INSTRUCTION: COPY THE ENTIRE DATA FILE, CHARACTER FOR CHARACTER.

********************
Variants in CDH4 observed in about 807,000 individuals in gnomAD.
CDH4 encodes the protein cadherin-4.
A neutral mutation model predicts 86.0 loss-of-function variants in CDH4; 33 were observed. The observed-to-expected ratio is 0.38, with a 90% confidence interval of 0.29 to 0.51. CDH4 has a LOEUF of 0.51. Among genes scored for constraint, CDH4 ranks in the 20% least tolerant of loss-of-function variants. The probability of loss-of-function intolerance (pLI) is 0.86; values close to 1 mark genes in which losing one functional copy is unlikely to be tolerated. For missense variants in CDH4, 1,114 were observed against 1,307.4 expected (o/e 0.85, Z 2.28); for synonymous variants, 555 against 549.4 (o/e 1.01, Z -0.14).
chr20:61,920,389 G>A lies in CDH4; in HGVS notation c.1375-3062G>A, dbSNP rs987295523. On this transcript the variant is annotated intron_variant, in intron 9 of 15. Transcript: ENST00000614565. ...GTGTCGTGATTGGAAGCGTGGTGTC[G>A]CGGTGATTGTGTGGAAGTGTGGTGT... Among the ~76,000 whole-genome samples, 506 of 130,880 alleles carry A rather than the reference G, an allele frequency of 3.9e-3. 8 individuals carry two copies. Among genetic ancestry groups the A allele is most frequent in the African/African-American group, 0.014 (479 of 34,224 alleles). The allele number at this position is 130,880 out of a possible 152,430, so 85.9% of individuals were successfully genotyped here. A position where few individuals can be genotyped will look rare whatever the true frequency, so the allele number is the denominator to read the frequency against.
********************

Variants in CDH4 observed in about 807,000 individuals in gnomAD.
CDH4 encodes the protein cadherin-4.
A neutral mutation model predicts 86.0 loss-of-function variants in CDH4; 33 were observed. The observed-to-expected ratio is 0.38, with a 90% confidence interval of 0.29 to 0.51. CDH4 has a LOEUF of 0.51. Among genes scored for constraint, CDH4 ranks in the 20% least tolerant of loss-of-function variants. The probability of loss-of-function intolerance (pLI) is 0.86; values close to 1 mark genes in which losing one functional copy is unlikely to be tolerated. For missense variants in CDH4, 1,114 were observed against 1,307.4 expected (o/e 0.85, Z 2.28); for synonymous variants, 555 against 549.4 (o/e 1.01, Z -0.14).
chr20:61,920,389 G>A lies in CDH4; in HGVS notation c.1375-3062G>A, dbSNP rs987295523. On this transcript the variant is annotated intron_variant, in intron 9 of 15. Transcript: ENST00000614565. ...GTGTCGTGATTGGAAGCGTGGTGTC[G>A]CGGTGATTGTGTGGAAGTGTGGTGT... Among the ~76,000 whole-genome samples, 506 of 130,880 alleles carry A rather than the reference G, an allele frequency of 3.9e-3. 8 individuals carry two copies. Among genetic ancestry groups the A allele is most frequent in the African/African-American group, 0.014 (479 of 34,224 alleles). The allele number at this position is 130,880 out of a possible 152,430, so 85.9% of individuals were successfully genotyped here. A position where few individuals can be genotyped will look rare whatever the true frequency, so the allele number is the denominator to read the frequency against.